Predictors of allergic rhinitis in Taiwan’s school children
Allergic rhinitis is highly prevalent among school children in Taiwan, a recent study has found. Antibiotic exposure and having a cat in the house during the first year of life appear to be important risk factors.
Using a cross-sectional survey, the researchers assessed the prevalence, as well as the personal and environmental risk factors, of rhinitis among 24,999 first graders, aged 6–8 years. The modified International Study of Asthma and Allergies in Childhood (ISAAC) questionnaire was used, and answers were provided by parents or main caregivers.
After excluding incomplete data, a total of 23,630 survey responses remained available for analysis. Overall, 10,652 participants said they had had rhinitis within the past 12 months, yielding a prevalence rate of 42.8 percent. This was higher in boys than in girls (50 percent vs 39.8 percent).
Notably, rhinitis was common among participants who had ever used antibiotics in their first year of life, had bronchiolitis before the age of 2 years, had diagnosed asthma and eczema, and had early exposure to a cat at home.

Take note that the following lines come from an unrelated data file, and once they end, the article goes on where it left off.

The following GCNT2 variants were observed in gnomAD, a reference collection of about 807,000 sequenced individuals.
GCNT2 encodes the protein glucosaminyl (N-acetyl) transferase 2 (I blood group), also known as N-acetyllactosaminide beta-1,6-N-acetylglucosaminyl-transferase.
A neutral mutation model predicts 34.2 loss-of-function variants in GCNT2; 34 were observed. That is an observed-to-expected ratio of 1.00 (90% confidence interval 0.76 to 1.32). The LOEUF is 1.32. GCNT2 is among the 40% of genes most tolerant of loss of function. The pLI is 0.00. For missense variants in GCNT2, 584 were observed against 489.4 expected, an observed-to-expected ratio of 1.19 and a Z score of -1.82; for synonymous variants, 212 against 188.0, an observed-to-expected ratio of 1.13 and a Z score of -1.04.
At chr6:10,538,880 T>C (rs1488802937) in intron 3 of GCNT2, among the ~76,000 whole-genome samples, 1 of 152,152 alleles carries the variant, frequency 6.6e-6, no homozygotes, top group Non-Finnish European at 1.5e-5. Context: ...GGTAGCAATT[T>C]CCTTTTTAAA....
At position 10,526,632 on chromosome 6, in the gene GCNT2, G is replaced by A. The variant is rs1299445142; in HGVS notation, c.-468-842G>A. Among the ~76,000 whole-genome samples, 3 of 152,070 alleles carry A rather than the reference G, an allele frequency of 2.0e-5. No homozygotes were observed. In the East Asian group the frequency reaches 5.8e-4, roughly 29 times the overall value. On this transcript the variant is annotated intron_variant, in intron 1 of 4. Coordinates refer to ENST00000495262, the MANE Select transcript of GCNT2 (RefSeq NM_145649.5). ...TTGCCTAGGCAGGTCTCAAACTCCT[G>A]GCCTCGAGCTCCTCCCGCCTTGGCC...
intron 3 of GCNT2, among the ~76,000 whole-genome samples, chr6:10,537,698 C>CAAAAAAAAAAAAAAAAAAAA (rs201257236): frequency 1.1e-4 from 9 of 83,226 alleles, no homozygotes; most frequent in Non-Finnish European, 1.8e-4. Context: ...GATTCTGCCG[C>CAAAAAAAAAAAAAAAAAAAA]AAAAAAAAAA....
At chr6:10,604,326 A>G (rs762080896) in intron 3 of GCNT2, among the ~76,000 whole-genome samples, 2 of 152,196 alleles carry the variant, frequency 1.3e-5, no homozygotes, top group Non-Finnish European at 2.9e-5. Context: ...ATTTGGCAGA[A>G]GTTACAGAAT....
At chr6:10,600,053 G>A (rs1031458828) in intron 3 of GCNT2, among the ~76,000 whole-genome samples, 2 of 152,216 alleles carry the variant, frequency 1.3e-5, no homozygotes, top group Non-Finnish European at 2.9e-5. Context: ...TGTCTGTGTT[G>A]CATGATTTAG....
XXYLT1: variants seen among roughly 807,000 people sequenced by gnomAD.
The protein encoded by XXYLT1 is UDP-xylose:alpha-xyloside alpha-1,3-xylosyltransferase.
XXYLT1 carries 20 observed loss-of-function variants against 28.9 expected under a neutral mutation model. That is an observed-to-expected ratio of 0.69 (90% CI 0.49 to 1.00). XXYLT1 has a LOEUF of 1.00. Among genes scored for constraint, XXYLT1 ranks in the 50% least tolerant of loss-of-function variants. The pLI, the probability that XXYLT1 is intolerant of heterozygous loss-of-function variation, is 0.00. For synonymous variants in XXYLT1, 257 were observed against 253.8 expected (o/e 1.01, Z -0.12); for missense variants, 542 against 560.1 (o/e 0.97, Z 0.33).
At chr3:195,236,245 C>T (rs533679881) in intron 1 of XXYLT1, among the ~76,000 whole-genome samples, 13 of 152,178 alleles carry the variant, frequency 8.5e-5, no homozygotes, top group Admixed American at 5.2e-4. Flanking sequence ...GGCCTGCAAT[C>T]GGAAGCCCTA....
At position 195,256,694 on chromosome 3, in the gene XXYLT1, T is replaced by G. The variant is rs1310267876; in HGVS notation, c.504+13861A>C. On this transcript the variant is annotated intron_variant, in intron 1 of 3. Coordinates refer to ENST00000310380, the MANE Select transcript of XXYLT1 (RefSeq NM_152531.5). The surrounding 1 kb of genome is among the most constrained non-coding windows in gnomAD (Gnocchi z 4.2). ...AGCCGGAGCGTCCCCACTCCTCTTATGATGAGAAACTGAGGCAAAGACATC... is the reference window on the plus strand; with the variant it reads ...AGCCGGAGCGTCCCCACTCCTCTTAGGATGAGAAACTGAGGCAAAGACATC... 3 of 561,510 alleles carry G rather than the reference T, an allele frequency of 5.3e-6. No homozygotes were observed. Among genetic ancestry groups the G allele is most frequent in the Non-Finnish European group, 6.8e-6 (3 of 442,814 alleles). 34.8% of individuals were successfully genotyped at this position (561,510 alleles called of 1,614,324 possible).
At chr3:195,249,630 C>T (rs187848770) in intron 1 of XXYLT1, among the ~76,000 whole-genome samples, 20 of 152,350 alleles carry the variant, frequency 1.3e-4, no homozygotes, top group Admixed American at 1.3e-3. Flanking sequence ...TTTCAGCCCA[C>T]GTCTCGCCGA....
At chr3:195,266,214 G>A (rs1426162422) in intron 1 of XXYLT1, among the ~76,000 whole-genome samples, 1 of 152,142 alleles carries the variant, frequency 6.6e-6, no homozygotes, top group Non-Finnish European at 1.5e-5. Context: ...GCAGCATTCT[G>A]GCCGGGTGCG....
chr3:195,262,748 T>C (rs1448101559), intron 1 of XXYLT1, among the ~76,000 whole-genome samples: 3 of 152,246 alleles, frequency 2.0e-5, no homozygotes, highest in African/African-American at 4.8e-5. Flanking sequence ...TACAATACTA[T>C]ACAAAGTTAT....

Multivariate logistic regression analysis found that boys were significantly more likely to develop allergic rhinitis than girls (odds ratio [OR], 1.45, 95 percent confidence interval [CI], 1.37–1.54; p<0.001).
The analysis also confirmed that the early use of antibiotics (OR, 1.34, 95 percent CI, 1.23–1.45; p<0.001) as well as being diagnosed with bronchiolitis before 2 years of age (OR, 1.68, 95 percent CI, 1.55–1.81; p<0.001) were significant risk factors for allergic rhinitis. The same was true for asthma (OR, 2.32, 95 percent CI, 2.13–2.54; p<0.001) and eczema (OR, 1.93, 95 percent CI, 1.82–2.06; p<0.001) diagnoses.
Moreover, exposure to a cat at home during the first year of life was also found to increase the risk of allergic rhinitis (OR, 1.25, 95 percent CI, 1.03–1.52; p=0.022), while having older siblings was significantly protective (OR, 0.62, 95 percent CI, 0.58–0.66; p<0.001).